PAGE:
Hooray For Cedejo!
By Sheila Poettgen
The Centro de Desarrollo Jocotepec, A.C. (CEDEJO), located in Ajijic, has provided care to area indigenous and low-income women and families in the area for over 30 years. The non-profit clinic offers a variety of services and outreach programs including low-cost health consultations, family planning to aid in the prevention of unwanted pregnancies and STDs, and educational workshops on sex and gender issues. Twice a week CEDEJO offers free pap smears and breast examinations, as well as family planning counseling, to one of the poorest and most vulnerable barrios in Jalisco through theTepehua Community Centerin Chapala.
This past year, for International Women’s Day and in honor of all the women around the world who help to empower others, I volunteered to create a website for CEDEJO and to update their very outdated brochure from 1986. I wanted to use current photos of the inspirational Director, registered nurse and midwife, Sylvia Flores, and other volunteers in action so I asked for permission to visit the clinics in order to photograph their work.
Upon visiting the clinics I was greatly affected by how important the work of CEDEJO is to the community. Women of all ages lined up outside the free clinic offered through the Tepehua Community Center in order to gain access to health services they would not otherwise be able to afford.
A woman in her mid-thirties, who arrived with two children and a third on the way, received a pre-natal examination and consultation. A 15 year old inquired about her choices for preventing pregnancy. She already had one child at home and was struggling to make ends meet. Another woman stopped in for a breast examination, concerned about a lump she had recently discovered.
For many of these women, it was the first time in their lives that they were able to receive gynecological care. I saw the relief in their faces as nurses responded to their health concerns and I watched them leave with smiles of gratitude.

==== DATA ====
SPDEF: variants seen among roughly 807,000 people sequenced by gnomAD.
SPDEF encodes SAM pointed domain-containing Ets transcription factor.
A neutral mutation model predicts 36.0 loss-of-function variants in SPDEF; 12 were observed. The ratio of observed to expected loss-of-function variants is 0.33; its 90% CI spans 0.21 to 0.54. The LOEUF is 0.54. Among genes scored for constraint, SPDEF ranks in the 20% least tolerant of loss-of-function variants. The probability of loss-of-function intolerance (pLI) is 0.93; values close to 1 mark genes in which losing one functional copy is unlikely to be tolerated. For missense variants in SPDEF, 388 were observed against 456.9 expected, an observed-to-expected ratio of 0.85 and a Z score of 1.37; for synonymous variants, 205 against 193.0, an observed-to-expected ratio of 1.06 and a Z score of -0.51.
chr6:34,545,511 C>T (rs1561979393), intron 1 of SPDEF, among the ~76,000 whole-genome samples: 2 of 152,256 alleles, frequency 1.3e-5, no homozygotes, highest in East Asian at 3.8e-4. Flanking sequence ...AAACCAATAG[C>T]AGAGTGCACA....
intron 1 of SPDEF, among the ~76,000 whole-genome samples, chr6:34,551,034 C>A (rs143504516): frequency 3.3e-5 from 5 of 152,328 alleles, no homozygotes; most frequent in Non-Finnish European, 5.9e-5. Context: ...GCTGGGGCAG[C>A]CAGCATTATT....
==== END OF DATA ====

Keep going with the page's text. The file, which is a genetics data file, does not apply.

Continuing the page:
So when I learned that the organization that had provided financial support for the clinic for the last two years was unable to continue funding due to restrictions beyond their control and that, without another funding source, the clinic would be forced to close by the end of August 2013, I was heartbroken.
Cervical and breast cancer is the leading cause of death for local women between the ages of 35 and 60 and the clinic provides the most vulnerable women in our community preventative services. Their work helps the community make great strides forward in relation to women’s health and empowerment. CEDEJO is too important to this generation and the next to give up on it now, which is why I decided I needed to do more.
I have started a fundraising campaign in an attempt to raise the money needed to keep the doors of the clinic open for another year. Thankfully, over the last three months, we’ve raised 19% of the total fundraising goal, allowing the clinic to remain open through the end of November. However, the clinic’s fate is precarious and, now more than ever, it needs the Lakeside community’s help.
One generous donor has offered to match any individual donation of 5,000 pesos or more. If you’re moved by the clinic’s work and are able to contribute any amount to this campaign (every little bit helps) or you’d like to review details of how funds will be used, please visit www.gofundme.com/save-health-clinic. To find out more about CEDEJO’s inspirational work, visit their website at www.centrodedesarrollojocotepec.com.